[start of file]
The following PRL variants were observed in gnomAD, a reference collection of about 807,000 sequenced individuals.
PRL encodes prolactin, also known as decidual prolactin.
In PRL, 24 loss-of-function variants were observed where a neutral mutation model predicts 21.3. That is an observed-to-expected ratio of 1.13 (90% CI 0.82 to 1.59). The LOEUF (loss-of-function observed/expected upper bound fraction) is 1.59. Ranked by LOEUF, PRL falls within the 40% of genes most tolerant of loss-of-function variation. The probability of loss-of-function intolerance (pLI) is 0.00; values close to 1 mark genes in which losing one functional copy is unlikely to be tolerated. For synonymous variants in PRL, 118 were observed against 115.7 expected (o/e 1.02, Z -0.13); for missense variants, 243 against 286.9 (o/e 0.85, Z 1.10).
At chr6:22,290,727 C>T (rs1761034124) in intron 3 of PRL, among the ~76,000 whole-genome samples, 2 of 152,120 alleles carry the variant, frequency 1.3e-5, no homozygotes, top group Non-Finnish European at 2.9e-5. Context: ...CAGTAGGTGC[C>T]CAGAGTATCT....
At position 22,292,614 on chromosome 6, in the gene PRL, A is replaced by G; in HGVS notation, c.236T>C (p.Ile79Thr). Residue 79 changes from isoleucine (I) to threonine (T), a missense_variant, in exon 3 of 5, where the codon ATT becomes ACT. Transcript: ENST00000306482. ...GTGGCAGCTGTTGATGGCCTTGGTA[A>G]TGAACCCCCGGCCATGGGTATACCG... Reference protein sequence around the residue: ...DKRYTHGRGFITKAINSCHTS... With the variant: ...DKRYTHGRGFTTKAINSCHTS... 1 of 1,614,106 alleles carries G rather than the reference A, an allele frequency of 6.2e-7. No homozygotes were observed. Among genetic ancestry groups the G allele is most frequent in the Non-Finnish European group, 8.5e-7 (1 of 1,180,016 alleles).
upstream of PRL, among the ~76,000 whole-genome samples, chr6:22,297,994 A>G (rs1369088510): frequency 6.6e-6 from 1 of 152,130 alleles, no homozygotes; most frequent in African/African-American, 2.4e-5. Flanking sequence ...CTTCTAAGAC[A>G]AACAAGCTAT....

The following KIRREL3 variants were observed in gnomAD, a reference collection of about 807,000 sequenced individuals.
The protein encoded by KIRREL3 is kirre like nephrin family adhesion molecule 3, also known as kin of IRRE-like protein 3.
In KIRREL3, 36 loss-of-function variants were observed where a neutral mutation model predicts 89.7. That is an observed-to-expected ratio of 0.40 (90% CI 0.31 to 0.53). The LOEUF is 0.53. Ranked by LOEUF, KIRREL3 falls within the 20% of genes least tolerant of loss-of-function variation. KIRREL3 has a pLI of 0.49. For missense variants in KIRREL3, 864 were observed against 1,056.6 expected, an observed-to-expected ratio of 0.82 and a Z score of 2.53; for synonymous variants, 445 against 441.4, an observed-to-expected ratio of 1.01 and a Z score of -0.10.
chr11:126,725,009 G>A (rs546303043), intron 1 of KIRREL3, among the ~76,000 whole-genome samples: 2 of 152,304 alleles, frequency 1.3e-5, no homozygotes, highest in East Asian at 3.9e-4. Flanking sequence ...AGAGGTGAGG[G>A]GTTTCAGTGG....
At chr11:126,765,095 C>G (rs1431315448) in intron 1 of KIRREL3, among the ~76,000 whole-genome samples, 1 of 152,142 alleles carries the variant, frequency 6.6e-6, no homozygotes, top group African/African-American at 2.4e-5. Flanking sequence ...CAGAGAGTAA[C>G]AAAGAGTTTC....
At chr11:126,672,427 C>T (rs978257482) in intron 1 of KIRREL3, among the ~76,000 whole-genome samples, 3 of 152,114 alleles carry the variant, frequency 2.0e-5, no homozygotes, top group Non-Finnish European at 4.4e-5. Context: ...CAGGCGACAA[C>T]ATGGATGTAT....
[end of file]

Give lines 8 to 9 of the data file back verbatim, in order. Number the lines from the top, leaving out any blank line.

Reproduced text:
The protein encoded by KIRREL3 is kirre like nephrin family adhesion molecule 3, also known as kin of IRRE-like protein 3.
In KIRREL3, 36 loss-of-function variants were observed where a neutral mutation model predicts 89.7. That is an observed-to-expected ratio of 0.40 (90% CI 0.31 to 0.53). The LOEUF is 0.53. Ranked by LOEUF, KIRREL3 falls within the 20% of genes least tolerant of loss-of-function variation. KIRREL3 has a pLI of 0.49. For missense variants in KIRREL3, 864 were observed against 1,056.6 expected, an observed-to-expected ratio of 0.82 and a Z score of 2.53; for synonymous variants, 445 against 441.4, an observed-to-expected ratio of 1.01 and a Z score of -0.10.